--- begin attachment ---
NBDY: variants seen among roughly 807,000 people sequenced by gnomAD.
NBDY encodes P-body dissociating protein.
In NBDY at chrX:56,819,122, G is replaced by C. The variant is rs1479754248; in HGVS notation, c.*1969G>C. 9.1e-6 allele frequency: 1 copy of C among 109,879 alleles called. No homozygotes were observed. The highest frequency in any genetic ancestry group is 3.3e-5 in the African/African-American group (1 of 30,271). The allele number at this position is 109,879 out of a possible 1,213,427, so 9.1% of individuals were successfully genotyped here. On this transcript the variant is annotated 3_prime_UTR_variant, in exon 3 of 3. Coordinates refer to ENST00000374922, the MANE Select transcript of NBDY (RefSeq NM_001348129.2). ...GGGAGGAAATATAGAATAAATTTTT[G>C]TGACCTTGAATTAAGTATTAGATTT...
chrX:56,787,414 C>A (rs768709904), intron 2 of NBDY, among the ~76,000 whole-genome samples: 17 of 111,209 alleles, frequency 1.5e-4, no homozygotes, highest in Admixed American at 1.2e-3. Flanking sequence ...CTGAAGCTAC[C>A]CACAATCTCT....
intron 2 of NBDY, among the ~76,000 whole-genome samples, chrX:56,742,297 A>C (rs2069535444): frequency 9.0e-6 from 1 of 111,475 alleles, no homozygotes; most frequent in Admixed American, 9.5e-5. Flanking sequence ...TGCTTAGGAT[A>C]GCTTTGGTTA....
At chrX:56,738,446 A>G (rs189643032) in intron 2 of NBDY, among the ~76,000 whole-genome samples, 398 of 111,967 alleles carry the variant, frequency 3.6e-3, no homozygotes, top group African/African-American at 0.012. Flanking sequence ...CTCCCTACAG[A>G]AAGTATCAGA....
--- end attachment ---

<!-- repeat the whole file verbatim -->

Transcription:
NBDY: variants seen among roughly 807,000 people sequenced by gnomAD.
NBDY encodes P-body dissociating protein.
In NBDY at chrX:56,819,122, G is replaced by C. The variant is rs1479754248; in HGVS notation, c.*1969G>C. 9.1e-6 allele frequency: 1 copy of C among 109,879 alleles called. No homozygotes were observed. The highest frequency in any genetic ancestry group is 3.3e-5 in the African/African-American group (1 of 30,271). The allele number at this position is 109,879 out of a possible 1,213,427, so 9.1% of individuals were successfully genotyped here. On this transcript the variant is annotated 3_prime_UTR_variant, in exon 3 of 3. Coordinates refer to ENST00000374922, the MANE Select transcript of NBDY (RefSeq NM_001348129.2). ...GGGAGGAAATATAGAATAAATTTTT[G>C]TGACCTTGAATTAAGTATTAGATTT...
chrX:56,787,414 C>A (rs768709904), intron 2 of NBDY, among the ~76,000 whole-genome samples: 17 of 111,209 alleles, frequency 1.5e-4, no homozygotes, highest in Admixed American at 1.2e-3. Flanking sequence ...CTGAAGCTAC[C>A]CACAATCTCT....
intron 2 of NBDY, among the ~76,000 whole-genome samples, chrX:56,742,297 A>C (rs2069535444): frequency 9.0e-6 from 1 of 111,475 alleles, no homozygotes; most frequent in Admixed American, 9.5e-5. Flanking sequence ...TGCTTAGGAT[A>C]GCTTTGGTTA....
At chrX:56,738,446 A>G (rs189643032) in intron 2 of NBDY, among the ~76,000 whole-genome samples, 398 of 111,967 alleles carry the variant, frequency 3.6e-3, no homozygotes, top group African/African-American at 0.012. Flanking sequence ...CTCCCTACAG[A>G]AAGTATCAGA....